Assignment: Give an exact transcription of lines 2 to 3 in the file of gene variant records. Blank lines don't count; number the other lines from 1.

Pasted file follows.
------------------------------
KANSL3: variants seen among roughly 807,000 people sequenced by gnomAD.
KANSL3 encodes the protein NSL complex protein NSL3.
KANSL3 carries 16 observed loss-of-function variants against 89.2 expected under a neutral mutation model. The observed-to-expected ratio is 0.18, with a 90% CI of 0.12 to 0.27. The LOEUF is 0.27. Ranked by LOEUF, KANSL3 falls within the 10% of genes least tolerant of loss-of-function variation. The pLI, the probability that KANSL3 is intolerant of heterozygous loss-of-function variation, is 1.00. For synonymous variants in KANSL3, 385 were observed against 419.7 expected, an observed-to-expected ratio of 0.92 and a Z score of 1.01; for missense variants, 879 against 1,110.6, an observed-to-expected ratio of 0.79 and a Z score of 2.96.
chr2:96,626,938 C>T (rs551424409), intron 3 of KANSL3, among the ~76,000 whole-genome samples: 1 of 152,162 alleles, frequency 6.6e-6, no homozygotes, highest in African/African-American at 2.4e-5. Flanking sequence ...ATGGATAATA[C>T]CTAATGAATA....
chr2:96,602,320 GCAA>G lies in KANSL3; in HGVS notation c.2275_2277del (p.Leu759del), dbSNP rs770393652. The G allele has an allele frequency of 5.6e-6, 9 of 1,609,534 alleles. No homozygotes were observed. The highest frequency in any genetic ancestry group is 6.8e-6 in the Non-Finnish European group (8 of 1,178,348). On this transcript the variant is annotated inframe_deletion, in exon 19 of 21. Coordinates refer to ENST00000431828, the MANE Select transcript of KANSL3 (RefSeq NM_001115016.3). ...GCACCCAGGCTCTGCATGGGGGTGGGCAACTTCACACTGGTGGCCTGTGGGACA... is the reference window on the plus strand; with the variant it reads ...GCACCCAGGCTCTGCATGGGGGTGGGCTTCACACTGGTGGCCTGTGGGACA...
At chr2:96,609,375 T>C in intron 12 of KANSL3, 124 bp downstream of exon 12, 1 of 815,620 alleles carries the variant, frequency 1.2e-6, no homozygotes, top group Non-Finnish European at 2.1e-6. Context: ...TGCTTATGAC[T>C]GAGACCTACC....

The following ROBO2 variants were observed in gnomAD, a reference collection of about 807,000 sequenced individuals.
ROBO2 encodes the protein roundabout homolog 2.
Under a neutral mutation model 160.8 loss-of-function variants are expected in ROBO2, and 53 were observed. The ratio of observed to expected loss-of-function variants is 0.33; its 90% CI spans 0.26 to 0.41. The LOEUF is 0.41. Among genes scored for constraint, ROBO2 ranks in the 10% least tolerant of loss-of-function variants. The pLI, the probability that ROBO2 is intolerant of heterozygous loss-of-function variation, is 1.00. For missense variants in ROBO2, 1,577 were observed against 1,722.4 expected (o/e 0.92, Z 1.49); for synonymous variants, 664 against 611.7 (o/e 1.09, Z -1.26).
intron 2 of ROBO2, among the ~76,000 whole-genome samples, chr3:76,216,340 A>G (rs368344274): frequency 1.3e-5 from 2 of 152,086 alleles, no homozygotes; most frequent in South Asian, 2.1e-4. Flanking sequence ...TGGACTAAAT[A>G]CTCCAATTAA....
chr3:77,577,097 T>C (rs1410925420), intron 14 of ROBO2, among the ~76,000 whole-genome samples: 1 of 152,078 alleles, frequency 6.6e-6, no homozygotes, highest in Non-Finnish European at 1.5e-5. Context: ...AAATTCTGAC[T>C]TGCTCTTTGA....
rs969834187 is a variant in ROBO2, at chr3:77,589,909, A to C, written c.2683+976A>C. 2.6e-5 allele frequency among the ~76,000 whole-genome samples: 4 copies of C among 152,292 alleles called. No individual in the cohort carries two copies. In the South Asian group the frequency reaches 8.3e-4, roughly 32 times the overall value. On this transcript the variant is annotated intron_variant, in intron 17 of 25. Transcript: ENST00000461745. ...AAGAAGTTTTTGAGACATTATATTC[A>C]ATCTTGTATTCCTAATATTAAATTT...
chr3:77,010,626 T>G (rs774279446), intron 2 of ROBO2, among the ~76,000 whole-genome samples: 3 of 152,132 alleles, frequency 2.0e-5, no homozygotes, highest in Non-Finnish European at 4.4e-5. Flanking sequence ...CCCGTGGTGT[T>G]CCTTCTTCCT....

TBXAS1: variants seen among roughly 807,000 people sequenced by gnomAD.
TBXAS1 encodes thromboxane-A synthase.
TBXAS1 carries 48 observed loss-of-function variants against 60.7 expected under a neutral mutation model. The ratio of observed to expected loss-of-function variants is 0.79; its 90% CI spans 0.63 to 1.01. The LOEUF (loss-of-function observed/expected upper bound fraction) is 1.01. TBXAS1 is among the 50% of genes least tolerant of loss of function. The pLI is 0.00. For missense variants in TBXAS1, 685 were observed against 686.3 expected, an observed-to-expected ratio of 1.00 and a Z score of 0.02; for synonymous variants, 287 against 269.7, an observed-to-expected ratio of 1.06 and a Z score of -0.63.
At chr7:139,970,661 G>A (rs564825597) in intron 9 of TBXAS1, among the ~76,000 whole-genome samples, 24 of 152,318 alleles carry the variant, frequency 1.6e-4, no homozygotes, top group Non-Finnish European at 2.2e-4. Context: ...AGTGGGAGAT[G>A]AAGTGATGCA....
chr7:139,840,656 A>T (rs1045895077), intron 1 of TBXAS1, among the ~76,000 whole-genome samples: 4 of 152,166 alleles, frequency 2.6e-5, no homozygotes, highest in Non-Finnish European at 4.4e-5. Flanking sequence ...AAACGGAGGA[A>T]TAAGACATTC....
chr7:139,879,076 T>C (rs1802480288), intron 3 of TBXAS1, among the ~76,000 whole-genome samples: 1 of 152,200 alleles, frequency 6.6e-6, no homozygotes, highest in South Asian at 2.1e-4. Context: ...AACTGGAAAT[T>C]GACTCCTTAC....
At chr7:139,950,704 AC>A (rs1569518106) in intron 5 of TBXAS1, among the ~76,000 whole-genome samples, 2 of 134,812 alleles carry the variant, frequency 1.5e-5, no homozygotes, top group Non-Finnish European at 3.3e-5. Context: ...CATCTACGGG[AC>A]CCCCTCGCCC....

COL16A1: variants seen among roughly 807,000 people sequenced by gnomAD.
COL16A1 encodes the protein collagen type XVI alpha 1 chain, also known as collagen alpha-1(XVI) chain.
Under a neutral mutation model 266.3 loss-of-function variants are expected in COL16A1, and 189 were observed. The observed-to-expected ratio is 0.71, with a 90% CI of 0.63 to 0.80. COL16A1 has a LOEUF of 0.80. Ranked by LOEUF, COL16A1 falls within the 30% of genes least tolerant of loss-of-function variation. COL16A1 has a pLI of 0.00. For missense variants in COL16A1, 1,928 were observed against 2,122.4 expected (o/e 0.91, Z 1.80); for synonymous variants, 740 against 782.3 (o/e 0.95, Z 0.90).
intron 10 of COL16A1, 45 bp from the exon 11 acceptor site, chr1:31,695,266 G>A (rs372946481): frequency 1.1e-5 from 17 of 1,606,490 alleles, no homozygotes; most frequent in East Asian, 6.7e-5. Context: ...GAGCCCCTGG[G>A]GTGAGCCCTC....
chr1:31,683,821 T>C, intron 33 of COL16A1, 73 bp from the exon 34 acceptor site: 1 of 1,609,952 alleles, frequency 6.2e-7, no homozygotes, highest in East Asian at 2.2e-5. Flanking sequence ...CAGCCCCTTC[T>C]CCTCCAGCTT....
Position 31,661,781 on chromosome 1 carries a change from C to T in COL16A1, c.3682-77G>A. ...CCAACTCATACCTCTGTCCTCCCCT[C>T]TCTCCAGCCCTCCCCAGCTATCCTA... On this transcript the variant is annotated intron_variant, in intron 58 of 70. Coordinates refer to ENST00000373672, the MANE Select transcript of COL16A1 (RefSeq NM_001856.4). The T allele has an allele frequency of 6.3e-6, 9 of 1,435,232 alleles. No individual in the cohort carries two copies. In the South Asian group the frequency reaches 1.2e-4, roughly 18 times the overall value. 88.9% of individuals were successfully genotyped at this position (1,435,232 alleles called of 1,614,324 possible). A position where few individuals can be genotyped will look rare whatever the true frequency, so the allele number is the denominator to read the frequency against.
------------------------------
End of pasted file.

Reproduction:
KANSL3 encodes the protein NSL complex protein NSL3.
KANSL3 carries 16 observed loss-of-function variants against 89.2 expected under a neutral mutation model. The observed-to-expected ratio is 0.18, with a 90% CI of 0.12 to 0.27. The LOEUF is 0.27. Ranked by LOEUF, KANSL3 falls within the 10% of genes least tolerant of loss-of-function variation. The pLI, the probability that KANSL3 is intolerant of heterozygous loss-of-function variation, is 1.00. For synonymous variants in KANSL3, 385 were observed against 419.7 expected, an observed-to-expected ratio of 0.92 and a Z score of 1.01; for missense variants, 879 against 1,110.6, an observed-to-expected ratio of 0.79 and a Z score of 2.96.